Ben Chan has a new wonder—Chococros | Lifestyle.INQ

OCTOBER 27, 2022

LIGHTING fixtures that resemble inverted cups and saucers lend a whimsical touch to the decor.
LIGHTING fixtures that resemble inverted cups and saucers lend a whimsical touch to the decor. PHOTOS BY NELSON MATAWARAN





While visiting Osaka, retail magnate Ben Chan discovered Saint Marc Café. Instinctively, the Suyen Corporation chair and CEO knew that the concept would click in the Philippines.

As the trendy Japanese embrace European panache,  Saint Marc café-bakery chain is enjoying brisk sales—French pastries reflecting Japanese taste and sensibilities.

Saint Marc Café has transformed the croissant from a chic breakfast fare to a marketing wonder. Chan—who has turned Bench into a global brand—strikes again.

MATCHA Latté with savory Curry Bread and Egg Salsa

On its first weekend, Saint Marc Café at the Fashion Hall in SM Megamall sold a thousand Chococros a day for P55 a pop. The café’s signature pastry, while still flaky and layered, tastes like a soft roll with a sweet, yeasty flavor. The pastry envelopes a bar of luscious chocolate and is baked until it trickles to the ends.

It goes well with the bitter sweetness of matcha or green tea latté, enriched with creamy milk.

Saint Marc Holdings is a Japanese company of 12 dining concepts and a chain of cafés and restaurants in the United States, China and Southeast Asian countries.

Following Euro-fads, the founding president, Naoyuki Katayama, started a bakery-restaurant with a French café ambience in Tokyo in 1987. It became famous for the free-flowing mini-buns and breads with sweet bean filling.

In 1996, Starbucks debuted in Ginza and took the market by storm. Katayama observed that its success was attributed to the speedy service, more than the products.

He realized that to increase sales, he would have to reduce the fermentation time of the dough to produce fresh pastries every hour. Saint Marc Café evolved into a quick-service dining establishment serving pastries and Japanese desserts.

Katayama’s first experiment was the Chococro, crispy and buttery like the croissant but more chewy. Then came the variants—chocolate and cream; green tea-infused chocolate called matcha daifuku and the strawberry daifuku, a mixture of bits of rice cake, strawberry-tinged chocolate and red bean paste. These croissants with fillings have been Saint Marc’s staples.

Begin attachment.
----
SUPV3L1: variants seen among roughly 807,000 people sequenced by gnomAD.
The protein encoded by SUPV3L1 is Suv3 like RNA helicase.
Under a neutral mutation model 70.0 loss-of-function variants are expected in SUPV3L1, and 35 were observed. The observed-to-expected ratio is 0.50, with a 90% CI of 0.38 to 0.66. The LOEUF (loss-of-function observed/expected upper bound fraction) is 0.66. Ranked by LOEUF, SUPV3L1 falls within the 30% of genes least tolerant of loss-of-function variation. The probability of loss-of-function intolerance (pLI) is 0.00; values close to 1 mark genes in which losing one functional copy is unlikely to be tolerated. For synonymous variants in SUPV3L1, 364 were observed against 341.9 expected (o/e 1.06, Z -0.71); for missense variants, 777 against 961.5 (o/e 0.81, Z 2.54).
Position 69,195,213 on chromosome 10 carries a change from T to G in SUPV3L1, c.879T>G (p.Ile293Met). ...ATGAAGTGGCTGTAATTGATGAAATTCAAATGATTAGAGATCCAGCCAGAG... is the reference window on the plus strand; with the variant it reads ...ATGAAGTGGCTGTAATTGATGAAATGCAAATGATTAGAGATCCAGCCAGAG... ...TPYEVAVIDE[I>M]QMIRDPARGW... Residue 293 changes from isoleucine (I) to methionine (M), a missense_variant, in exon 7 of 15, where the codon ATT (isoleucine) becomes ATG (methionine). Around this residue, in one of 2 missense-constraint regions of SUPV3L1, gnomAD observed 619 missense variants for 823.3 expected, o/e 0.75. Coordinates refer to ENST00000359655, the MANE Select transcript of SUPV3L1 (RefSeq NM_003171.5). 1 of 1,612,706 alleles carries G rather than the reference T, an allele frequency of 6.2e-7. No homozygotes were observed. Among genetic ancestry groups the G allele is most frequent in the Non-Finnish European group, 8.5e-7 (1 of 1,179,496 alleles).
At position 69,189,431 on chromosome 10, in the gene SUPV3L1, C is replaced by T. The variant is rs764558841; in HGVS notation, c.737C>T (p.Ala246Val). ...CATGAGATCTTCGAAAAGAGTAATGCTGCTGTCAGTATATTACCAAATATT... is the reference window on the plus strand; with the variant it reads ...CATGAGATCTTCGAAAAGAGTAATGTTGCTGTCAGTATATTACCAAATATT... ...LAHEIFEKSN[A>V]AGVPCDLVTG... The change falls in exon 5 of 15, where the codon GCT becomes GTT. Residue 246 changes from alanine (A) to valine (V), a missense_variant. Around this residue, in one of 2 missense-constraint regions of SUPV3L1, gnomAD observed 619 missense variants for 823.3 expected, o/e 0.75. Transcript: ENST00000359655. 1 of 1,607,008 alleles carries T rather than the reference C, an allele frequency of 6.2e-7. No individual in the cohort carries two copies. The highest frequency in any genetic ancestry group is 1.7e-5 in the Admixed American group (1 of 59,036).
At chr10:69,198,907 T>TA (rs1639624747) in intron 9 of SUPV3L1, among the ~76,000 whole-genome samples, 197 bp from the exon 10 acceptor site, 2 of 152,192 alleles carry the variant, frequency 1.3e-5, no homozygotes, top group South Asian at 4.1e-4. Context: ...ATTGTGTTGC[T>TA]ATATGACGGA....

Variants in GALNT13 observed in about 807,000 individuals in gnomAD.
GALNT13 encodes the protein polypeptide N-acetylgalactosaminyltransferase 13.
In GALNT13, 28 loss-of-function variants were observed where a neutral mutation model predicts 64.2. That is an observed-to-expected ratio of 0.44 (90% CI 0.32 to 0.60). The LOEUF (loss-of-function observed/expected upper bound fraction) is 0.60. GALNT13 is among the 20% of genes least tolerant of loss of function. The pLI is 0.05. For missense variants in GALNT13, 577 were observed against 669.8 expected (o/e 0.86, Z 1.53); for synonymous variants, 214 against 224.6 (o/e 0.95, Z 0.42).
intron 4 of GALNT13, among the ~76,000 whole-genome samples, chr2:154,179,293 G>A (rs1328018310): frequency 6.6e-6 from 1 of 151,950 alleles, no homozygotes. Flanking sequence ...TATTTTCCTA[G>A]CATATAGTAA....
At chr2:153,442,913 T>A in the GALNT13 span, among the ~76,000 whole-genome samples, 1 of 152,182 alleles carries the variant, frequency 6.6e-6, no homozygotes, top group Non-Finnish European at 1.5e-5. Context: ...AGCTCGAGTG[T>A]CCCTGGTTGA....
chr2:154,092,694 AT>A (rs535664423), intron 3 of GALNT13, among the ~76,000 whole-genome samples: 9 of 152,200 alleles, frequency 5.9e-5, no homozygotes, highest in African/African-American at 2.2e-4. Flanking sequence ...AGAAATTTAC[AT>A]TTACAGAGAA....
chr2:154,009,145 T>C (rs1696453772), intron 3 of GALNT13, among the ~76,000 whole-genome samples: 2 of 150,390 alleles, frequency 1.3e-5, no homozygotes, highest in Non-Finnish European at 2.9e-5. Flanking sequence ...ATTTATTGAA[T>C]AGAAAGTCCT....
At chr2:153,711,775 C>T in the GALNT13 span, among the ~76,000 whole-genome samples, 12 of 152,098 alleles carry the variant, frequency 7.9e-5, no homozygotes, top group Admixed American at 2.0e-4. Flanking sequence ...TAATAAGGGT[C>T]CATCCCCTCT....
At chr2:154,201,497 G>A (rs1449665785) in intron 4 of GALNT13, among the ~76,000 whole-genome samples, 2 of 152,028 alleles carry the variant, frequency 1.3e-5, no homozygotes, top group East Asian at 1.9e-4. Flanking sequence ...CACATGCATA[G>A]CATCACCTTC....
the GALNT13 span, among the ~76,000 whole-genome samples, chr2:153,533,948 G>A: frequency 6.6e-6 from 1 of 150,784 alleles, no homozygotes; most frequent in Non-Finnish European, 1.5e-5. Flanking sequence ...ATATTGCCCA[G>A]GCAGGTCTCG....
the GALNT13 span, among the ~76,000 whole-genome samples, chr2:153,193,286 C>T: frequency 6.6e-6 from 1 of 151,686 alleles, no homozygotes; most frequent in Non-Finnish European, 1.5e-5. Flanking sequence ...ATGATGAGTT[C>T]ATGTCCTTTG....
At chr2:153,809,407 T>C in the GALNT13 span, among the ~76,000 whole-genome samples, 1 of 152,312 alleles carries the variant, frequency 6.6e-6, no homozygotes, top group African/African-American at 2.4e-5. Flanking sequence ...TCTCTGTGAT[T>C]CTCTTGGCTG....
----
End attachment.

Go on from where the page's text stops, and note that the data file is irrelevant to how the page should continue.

Anyone with a sweet tooth will enjoy the nut-flecked almond sugar pie, a Danish pastry that melts into a buttery mouthful.

JAPANESE desserts tease the eye and tickle the palate.


Then there are the savories. The egg salsa is made of the same croissant dough, rounded out to serve as a well. The croissant bottom soaks up the Eggs Benedict, tomato and bacon sauce. The egg foldover encases a meaty filling of egg salad and mushroom while another Danish variant has tuna and potatoes.

The curry bread is a square of crisp, delicate layers of puff pastry, loaded with the complex of curry flavors for its filling.

The Fuji Dessert, mimicking the snow-capped Mount Fuji, is a contradiction of warm puff pastries topped with a whirl of cold cream and drizzled with syrups.

All these can be washed down with the hot and cold beverages that are as exotic as the iced yuku (Japanese mandarin orange) tea or the familiar Vietnam hot coffee with condensed milk at the bottom.

Taka Miyake, Saint Marc’s managing director for Southeast Asia, said the company hires coffee masters who select coffee beans from international sources. The beans are roasted in Saint Marc factories in Japan and shipped to its chains.

He observed that Filipinos have to be oriented on Saint Marc’s repertoire of Japanese cold desserts.

BRYAN Lim, who develops the team to run the businesses: “This makes a good dessert place.”
Taka Miyake says “There’s a bit
of Japanese in our desserts.”

The Wa Desserts (short for wagashi, traditional Japanese confections using red bean paste and mochi or glutinous rice cakes) are served in cone-shaped white cups and carry references to Japanese culture.

Nara, an ode to Japan’s historic city with ancient temples, is an iced dessert of green tea-flavored jelly, red bean paste and a soft cloud of cream.

Gion, named after Kyoto’s famous geisha district, is a dessert of rice cakes that remind one of the white make-up of the courtesans. Green tea ice cream and red bean balls add color.

Miyako, a city in Iwate Prefecture, is represented by cubes of warabimochi, gelatinous starch dusted with toasted soybean flour.

Filipinos could relate to the shaved ice kachang desserts, similar to the halo-halo, except that they are served in bowls and artfully composed to tease the eye.

Most tempting is the choco berry parfait that folds in a light vanilla ice cream with bits of sponge cake, milk pudding and strawberries.

Miyake pointed out that Saint Marc Café is essentially a coffee shop and bakery with the essence of Japanese culture.
But he maintained that its identity is more global than Japanese.

Prices range from P75-P110 for pastries; P150 for hefty sandwiches; P85-P180 for beverages; P150-P230 for desserts.

Bryan Lim, Suyen’s vice president for business development, said the company, as franchise holder, will open 40 branches in eight years.

At SM Fashion Hall, Saint Marc Café is surrounded by popular restaurant concepts. Lim is unfazed: “We complement each other.”

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